Life insurance trusts have long been hailed as a smart way to provide financial protection for loved ones while simultaneously avoiding any adverse estate tax consequences—but the question that most often arises today in the context of life insurance trust is, do I really need it?
The 2017 tax reform law doubled the estate tax exemption, to $11.4 million per person ($22.8 million per married couple) in 2019, meaning that, for all but the fortunate few clients, the estate tax itself may seem irrelevant. For some clients, dismantling existing life insurance trusts may be the smartest move—but not without considering both the repercussions of that approach and carefully planning for any continuing life insurance needs, where a tax-free replacement strategy may be key to safeguarding future financial protection.
Look Before You Leap: Reasons to Keep the Trust Intact
First and foremost, one reason that clients may wish to keep their life insurance trusts intact is the possibility that the exemption level will change going forward—in fact, it’s already scheduled to revert back to between $5 million and $6 million in 2026. The tax law is never permanent, even if the tax code says it is, so clients should remember that a change in the political winds could mean that the exemption will decrease and/or the estate tax rate could increase.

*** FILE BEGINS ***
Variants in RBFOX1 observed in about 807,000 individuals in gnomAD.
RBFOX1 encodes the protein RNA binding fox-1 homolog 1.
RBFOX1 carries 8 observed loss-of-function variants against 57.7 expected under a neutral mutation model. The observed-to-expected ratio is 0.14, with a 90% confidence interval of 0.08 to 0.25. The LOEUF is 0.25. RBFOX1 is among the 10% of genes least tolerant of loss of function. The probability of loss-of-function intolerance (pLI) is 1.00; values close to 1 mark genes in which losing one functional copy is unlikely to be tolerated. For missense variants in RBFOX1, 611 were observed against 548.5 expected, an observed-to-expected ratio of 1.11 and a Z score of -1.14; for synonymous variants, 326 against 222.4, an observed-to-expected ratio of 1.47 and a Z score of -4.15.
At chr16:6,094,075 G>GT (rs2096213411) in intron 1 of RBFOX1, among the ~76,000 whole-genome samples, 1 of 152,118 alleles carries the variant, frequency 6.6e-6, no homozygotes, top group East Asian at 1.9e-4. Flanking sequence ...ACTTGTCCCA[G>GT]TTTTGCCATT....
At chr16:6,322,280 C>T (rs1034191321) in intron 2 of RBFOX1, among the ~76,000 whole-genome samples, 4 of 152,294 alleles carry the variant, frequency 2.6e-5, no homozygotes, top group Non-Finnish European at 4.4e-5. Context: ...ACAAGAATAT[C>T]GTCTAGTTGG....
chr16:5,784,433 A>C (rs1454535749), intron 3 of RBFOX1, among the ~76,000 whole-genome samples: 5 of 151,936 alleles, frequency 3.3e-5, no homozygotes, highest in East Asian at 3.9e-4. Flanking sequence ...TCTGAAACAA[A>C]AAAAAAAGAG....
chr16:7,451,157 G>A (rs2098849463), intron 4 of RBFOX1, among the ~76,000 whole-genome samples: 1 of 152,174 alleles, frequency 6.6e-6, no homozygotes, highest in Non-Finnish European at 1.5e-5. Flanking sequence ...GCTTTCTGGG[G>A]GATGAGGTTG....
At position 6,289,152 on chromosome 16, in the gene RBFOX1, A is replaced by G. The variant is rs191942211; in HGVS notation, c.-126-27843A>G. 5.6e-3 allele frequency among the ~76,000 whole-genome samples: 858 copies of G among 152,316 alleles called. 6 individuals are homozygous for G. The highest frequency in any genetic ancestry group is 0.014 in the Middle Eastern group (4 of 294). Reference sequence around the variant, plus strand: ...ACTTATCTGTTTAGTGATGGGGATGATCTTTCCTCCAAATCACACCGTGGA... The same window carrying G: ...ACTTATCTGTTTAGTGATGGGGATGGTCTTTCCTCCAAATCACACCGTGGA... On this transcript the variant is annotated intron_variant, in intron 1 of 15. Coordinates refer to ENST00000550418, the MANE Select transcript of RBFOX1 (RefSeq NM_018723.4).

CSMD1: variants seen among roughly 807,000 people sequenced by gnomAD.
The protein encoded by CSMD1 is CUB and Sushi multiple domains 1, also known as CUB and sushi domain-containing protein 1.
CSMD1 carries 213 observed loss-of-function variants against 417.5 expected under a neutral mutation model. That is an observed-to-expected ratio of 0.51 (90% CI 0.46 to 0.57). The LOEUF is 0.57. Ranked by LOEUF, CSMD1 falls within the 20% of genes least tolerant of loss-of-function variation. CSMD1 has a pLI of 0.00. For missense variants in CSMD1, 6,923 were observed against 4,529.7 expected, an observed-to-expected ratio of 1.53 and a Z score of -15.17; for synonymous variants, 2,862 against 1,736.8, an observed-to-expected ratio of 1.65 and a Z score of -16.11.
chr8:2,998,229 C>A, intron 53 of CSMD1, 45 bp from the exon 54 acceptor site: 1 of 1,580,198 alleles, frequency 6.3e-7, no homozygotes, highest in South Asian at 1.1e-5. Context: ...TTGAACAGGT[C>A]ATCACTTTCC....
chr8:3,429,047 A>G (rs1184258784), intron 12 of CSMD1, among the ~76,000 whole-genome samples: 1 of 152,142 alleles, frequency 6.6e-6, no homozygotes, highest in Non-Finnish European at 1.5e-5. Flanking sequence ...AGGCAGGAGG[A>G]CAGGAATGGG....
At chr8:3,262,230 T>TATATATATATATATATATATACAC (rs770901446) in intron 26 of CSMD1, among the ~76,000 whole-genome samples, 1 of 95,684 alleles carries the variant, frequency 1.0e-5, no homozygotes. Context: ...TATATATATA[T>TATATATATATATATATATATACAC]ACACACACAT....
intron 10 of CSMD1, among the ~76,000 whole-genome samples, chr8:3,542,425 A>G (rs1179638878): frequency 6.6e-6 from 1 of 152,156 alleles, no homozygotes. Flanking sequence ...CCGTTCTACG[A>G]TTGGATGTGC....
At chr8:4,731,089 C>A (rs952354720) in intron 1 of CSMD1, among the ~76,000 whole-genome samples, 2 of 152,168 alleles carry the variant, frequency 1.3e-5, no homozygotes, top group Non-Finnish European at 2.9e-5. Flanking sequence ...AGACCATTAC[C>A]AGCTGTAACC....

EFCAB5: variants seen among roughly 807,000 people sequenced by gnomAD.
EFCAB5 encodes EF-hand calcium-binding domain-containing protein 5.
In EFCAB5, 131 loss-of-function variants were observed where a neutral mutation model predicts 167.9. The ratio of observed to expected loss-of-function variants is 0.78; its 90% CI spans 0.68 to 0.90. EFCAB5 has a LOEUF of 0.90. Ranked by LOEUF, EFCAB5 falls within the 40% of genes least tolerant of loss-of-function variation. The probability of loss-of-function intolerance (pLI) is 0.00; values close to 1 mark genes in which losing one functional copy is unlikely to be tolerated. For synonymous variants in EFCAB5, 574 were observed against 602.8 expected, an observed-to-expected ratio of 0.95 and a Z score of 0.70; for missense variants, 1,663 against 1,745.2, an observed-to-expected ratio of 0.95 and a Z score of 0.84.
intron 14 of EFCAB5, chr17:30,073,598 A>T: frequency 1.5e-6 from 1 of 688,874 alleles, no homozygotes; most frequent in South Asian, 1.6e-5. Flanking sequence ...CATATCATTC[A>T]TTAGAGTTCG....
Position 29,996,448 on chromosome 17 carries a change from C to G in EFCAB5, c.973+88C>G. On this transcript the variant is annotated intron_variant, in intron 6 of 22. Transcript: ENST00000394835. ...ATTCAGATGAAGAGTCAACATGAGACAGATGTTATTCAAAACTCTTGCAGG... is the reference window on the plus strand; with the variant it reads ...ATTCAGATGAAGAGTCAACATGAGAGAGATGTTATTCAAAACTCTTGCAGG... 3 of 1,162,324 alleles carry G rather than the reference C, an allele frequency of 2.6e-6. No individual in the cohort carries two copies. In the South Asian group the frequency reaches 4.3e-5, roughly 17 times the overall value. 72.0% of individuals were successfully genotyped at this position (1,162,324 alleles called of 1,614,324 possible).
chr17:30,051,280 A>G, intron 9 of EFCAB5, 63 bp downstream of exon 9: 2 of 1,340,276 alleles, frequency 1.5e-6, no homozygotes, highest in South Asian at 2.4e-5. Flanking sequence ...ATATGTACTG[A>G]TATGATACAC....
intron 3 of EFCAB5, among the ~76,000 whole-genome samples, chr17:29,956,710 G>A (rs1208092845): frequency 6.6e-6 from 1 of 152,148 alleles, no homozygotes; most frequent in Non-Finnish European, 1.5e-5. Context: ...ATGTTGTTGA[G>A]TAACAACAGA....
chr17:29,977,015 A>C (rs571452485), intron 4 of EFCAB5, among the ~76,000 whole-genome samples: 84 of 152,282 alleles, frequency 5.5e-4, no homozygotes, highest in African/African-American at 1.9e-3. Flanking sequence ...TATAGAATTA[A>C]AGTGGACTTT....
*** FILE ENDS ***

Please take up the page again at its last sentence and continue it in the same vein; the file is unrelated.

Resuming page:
For other clients, state-level estate and inheritance taxes could be a consideration in favor of keeping the life insurance trust intact. States that do have estate and inheritance taxes have overwhelmingly chosen to keep their transfer tax exemptions at pre-reform levels, meaning that if state taxes were an issue for the client pre-reform, they continue to present the same issues now.
Clients with liability concerns, whether relating to a business, malpractice possibility or otherwise, might want to consider the asset protection value of the life insurance trust before choosing to dismantle it.
Dismantling an Existing Life Insurance Trust
If the client chooses to dismantle the trust, that process is actually fairly straightforward. The client could choose to give the policy to his or her spouse, and if there are no other assets held in the trust, that would be the end of the story—with no assets, the trust would essentially be dismantled.
In some cases, the client should obtain the consent of any remainder beneficiaries to the trust—for example, adult children. Often, obtaining this consent is not a problem. If the client is concerned about future issues, he or she could execute a non-judicial settlement agreement that would essentially provide a formal agreement to dismantle the trust and distribute the policy.